When workers aren’t properly trained to operate an aerial lift, accidents can occur. Some aerial lift accidents can cause injuries, and others can be fatal.
A Closer Look at Aerial Lift Accidents
Common aerial lift accidents include:
✓ Boom Lift Accidents:
Boom lifts fall over, and when they do, produce some of the highest aerial lift accidents due to their height and horizontal reach.
✓ Scissor Lift Accidents:
A scissor lift accident is often caused by driving and working on uneven ground or falls and tip-overs that occur due to severe weather.
✓ Manlift Accidents:
Falls, tip-overs, and collapses are among the top dangers that can lead to manlift accidents.
✓ Genie Lift Accidents:
Although Genie lifts are used in many industries worldwide, they must be managed properly. Otherwise, workers risk Genie lift accidents that put their health and well-being in danger.
The risks associated with using untrained workers on different types of lifts can be significant. To show the dangers of using untrained workers on aerial, boom, and scissor lifts, here’s a look at the top five of the most common accidents on aerial lift worksites:
The number of electrocutions in the construction industry rose 18% year over year in 2018, according to Electrical Safety Foundation International. With a deep understanding of electrocutions, workers can take steps to protect themselves and others against electrocutions and other electrical injuries.
Electrocutions occur when workers make contact with overhead power lines. They can also happen when a lift makes contact with a power line. Telescopic booms have the highest risk of electrical accidents. This is because they are often used to service electrical systems.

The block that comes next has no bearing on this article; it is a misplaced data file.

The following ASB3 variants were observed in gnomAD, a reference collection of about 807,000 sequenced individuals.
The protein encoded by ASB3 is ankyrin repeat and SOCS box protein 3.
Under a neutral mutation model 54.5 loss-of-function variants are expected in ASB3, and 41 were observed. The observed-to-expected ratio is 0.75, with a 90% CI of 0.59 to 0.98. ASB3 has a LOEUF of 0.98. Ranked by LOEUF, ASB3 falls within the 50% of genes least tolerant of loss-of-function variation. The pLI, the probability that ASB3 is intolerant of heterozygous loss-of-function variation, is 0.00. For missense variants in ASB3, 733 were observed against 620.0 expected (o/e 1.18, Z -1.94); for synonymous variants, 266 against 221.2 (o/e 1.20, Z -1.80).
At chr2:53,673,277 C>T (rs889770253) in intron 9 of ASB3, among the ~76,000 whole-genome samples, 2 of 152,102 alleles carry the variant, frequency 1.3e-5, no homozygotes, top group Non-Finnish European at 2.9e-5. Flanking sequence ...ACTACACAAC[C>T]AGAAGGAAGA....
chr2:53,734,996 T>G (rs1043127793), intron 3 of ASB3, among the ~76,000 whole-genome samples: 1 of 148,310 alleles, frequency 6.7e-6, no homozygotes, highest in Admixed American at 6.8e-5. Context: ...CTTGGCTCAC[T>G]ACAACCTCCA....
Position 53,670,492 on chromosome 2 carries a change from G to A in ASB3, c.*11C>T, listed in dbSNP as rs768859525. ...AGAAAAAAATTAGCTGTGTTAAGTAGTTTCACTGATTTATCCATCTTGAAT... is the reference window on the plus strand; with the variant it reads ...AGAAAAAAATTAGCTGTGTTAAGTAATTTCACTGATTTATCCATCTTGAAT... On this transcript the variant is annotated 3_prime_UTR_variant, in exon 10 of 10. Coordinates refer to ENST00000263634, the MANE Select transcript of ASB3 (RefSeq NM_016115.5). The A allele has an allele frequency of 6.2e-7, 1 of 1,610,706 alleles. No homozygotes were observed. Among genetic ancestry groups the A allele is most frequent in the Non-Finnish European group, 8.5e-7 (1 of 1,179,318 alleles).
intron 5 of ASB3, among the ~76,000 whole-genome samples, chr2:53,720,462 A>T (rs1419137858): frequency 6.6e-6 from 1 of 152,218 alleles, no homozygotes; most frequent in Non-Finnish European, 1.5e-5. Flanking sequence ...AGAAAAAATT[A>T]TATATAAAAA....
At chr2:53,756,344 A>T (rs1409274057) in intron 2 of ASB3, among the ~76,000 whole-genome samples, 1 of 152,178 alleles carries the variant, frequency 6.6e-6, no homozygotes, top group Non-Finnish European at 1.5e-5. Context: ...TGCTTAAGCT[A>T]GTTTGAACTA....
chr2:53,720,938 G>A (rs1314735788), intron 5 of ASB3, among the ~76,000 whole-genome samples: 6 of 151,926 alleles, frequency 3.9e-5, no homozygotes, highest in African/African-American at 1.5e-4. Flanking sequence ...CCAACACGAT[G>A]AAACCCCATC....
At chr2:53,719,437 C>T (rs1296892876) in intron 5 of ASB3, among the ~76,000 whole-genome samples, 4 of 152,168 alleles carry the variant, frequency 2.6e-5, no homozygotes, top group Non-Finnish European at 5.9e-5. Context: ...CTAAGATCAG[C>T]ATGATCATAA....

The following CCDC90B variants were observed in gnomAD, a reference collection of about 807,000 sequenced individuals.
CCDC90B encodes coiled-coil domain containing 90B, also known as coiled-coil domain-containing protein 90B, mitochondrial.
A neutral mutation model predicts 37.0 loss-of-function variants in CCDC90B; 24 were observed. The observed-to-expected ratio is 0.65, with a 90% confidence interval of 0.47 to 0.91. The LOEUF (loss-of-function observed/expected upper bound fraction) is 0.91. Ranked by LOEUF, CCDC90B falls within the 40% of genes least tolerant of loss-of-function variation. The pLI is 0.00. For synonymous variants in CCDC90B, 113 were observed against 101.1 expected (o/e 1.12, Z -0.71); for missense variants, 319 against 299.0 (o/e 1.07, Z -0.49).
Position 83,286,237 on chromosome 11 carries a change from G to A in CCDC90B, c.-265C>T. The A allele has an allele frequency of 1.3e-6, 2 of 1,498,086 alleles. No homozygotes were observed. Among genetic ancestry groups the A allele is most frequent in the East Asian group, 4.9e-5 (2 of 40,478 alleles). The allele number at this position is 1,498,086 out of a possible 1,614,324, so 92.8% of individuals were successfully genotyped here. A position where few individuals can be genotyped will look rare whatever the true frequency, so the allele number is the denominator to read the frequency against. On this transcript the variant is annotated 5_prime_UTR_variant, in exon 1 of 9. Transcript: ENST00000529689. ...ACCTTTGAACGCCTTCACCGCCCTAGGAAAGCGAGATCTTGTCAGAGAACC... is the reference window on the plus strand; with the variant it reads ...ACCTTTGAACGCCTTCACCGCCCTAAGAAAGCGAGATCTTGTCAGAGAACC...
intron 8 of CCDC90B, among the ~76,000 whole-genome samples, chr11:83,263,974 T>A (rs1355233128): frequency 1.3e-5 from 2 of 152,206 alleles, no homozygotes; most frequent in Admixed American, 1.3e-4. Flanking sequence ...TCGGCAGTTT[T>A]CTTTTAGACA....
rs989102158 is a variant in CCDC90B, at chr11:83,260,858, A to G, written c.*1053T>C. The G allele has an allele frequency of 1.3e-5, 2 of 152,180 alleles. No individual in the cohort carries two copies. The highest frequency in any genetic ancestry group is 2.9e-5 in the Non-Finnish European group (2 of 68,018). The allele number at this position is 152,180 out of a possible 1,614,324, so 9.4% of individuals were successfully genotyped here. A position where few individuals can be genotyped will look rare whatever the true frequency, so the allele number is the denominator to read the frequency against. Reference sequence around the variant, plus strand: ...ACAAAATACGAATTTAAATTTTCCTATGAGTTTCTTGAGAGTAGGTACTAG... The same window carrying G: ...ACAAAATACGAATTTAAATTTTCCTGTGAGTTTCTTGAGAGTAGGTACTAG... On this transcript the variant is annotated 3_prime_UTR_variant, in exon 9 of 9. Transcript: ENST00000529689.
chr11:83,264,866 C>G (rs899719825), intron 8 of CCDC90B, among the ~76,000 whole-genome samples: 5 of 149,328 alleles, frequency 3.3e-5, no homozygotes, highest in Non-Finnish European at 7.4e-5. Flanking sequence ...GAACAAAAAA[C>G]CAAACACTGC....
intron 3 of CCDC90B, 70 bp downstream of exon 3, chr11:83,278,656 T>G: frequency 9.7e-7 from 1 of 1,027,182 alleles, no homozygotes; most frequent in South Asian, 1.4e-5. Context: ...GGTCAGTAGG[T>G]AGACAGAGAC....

Scissor lift operators often work near or under power lines. They risk getting a fatal electrical shock in many different ways, such as:
✓ No proper personal protection equipment is worn.
✓ The lift is unstable.
✓ Contact is made with live power lines due to a lift tip-over.
Aerial and scissor lift training teaches workers how to assess a work area for overhead live wires and other hazards. In doing so, the training can help workers avoid fatal shocks from power lines.
2. Falls from Aerial Lifts
Aerial lift falls are one of the leading causes of death among construction workers, the U.S. Centers for Disease Control and Prevention (CDC) reports. They are most likely to occur when a worker, aerial lift, or scissor lift is hit by a crane, vehicle, or another object.
Fall protection measures are crucial to limit the risk of falls from aerial lifts. All cables and harnesses must be attached to a lift before starting a job. In addition, when operating a lift, workers must ensure that:
✓ Access gates are closed.
✓ The body harness or restraining belt is attached to the boom or bucket with a lanyard.
✓ They are standing firmly on the floor of the bucket.
✓ They avoid leaning on or climbing over the guardrails.
OSHA-approved safety training provides tips and strategies to prevent falls from aerial lifts. With a comprehensive aerial lift safety training program, workers can learn which precautions can help them reduce the risk of aerial lift falls and other accidents.